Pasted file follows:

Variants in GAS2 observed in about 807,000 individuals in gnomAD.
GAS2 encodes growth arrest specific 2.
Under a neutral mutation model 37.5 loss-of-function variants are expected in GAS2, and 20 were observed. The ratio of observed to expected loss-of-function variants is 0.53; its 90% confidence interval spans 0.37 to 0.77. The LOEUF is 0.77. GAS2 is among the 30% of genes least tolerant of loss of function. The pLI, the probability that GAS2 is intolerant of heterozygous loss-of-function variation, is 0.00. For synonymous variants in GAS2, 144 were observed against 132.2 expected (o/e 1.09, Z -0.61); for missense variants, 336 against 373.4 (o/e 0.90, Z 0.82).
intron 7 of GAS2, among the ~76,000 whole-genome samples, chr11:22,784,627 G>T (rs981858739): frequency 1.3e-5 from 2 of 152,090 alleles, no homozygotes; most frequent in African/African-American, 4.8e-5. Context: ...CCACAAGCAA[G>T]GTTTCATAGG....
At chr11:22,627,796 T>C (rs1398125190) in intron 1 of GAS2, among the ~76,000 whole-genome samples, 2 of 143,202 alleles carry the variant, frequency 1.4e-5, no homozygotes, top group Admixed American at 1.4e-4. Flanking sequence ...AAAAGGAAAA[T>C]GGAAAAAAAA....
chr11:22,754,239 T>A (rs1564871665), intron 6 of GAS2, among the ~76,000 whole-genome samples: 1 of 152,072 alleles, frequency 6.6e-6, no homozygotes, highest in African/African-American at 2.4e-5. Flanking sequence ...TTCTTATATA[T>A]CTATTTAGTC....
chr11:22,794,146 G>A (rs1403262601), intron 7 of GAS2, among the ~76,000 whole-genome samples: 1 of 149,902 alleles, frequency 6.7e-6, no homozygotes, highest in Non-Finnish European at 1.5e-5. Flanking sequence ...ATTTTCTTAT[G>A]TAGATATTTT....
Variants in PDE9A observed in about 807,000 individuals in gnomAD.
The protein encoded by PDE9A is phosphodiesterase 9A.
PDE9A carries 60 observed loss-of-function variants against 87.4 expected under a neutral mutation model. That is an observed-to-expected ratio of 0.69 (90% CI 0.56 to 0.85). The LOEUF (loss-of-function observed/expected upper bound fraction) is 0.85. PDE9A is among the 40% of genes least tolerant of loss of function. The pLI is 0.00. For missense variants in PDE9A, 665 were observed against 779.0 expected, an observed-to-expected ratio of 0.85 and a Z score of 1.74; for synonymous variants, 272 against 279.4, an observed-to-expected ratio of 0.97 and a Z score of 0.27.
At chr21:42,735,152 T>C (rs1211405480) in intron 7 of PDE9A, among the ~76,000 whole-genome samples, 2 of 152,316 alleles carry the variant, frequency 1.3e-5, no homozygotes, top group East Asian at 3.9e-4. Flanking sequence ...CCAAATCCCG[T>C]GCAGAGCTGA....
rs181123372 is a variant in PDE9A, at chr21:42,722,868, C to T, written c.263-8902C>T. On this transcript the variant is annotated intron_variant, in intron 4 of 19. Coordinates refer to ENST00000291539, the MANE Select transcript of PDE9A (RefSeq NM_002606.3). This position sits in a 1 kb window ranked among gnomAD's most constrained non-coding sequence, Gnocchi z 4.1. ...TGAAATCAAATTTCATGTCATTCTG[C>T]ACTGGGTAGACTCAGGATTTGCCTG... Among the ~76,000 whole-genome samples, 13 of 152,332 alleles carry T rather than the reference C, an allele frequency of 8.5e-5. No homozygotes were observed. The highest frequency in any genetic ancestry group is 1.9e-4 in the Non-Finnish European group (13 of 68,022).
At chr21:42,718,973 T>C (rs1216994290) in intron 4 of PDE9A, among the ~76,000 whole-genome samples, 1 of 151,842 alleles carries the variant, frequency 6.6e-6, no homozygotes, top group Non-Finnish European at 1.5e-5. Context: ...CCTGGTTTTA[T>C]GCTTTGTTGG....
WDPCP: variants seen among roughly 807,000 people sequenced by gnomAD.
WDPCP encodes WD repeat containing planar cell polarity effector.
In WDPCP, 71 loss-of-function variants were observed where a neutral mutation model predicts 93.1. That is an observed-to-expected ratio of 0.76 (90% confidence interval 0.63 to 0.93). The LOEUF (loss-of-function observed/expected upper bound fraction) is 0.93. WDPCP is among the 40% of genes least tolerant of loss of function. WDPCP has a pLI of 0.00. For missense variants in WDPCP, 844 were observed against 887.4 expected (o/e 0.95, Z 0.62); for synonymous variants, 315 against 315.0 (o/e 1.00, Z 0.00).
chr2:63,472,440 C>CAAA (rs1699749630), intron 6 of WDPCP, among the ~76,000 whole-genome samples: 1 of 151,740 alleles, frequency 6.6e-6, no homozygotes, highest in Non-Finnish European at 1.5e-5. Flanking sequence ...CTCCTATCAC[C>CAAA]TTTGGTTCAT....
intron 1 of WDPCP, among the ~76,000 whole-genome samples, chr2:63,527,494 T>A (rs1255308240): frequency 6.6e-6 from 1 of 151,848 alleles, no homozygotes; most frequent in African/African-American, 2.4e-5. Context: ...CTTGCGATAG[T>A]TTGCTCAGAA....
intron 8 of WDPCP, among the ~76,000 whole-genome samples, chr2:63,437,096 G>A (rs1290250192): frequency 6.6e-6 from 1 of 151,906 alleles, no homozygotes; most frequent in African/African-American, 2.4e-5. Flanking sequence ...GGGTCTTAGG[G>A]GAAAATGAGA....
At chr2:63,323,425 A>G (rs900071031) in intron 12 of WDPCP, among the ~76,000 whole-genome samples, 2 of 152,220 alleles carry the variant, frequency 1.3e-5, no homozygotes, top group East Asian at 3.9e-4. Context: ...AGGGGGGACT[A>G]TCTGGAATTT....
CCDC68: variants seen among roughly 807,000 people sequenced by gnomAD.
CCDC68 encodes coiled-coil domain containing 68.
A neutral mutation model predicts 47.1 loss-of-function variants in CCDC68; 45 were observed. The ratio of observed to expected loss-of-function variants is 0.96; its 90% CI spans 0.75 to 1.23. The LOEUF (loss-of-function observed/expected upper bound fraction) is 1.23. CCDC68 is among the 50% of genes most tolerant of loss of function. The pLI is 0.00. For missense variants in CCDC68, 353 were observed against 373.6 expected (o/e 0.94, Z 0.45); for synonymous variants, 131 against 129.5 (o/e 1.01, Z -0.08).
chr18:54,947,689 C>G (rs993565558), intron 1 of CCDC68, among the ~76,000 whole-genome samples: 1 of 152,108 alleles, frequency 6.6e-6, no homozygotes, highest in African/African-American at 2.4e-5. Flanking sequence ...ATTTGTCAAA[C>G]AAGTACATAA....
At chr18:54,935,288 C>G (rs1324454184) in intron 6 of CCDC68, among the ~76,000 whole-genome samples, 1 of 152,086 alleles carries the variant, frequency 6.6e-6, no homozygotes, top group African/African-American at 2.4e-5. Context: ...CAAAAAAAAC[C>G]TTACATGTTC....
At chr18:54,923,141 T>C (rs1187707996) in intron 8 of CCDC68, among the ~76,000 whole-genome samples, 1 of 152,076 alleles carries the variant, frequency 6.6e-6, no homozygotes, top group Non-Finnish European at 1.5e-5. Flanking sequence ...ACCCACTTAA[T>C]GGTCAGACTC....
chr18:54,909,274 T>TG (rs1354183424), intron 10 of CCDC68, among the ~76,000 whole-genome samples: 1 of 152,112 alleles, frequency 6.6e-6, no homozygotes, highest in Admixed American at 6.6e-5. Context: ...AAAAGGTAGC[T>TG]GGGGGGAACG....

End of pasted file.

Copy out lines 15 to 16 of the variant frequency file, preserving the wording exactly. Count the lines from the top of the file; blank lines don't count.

WDPCP encodes WD repeat containing planar cell polarity effector.
In WDPCP, 71 loss-of-function variants were observed where a neutral mutation model predicts 93.1. That is an observed-to-expected ratio of 0.76 (90% confidence interval 0.63 to 0.93). The LOEUF (loss-of-function observed/expected upper bound fraction) is 0.93. WDPCP is among the 40% of genes least tolerant of loss of function. WDPCP has a pLI of 0.00. For missense variants in WDPCP, 844 were observed against 887.4 expected (o/e 0.95, Z 0.62); for synonymous variants, 315 against 315.0 (o/e 1.00, Z 0.00).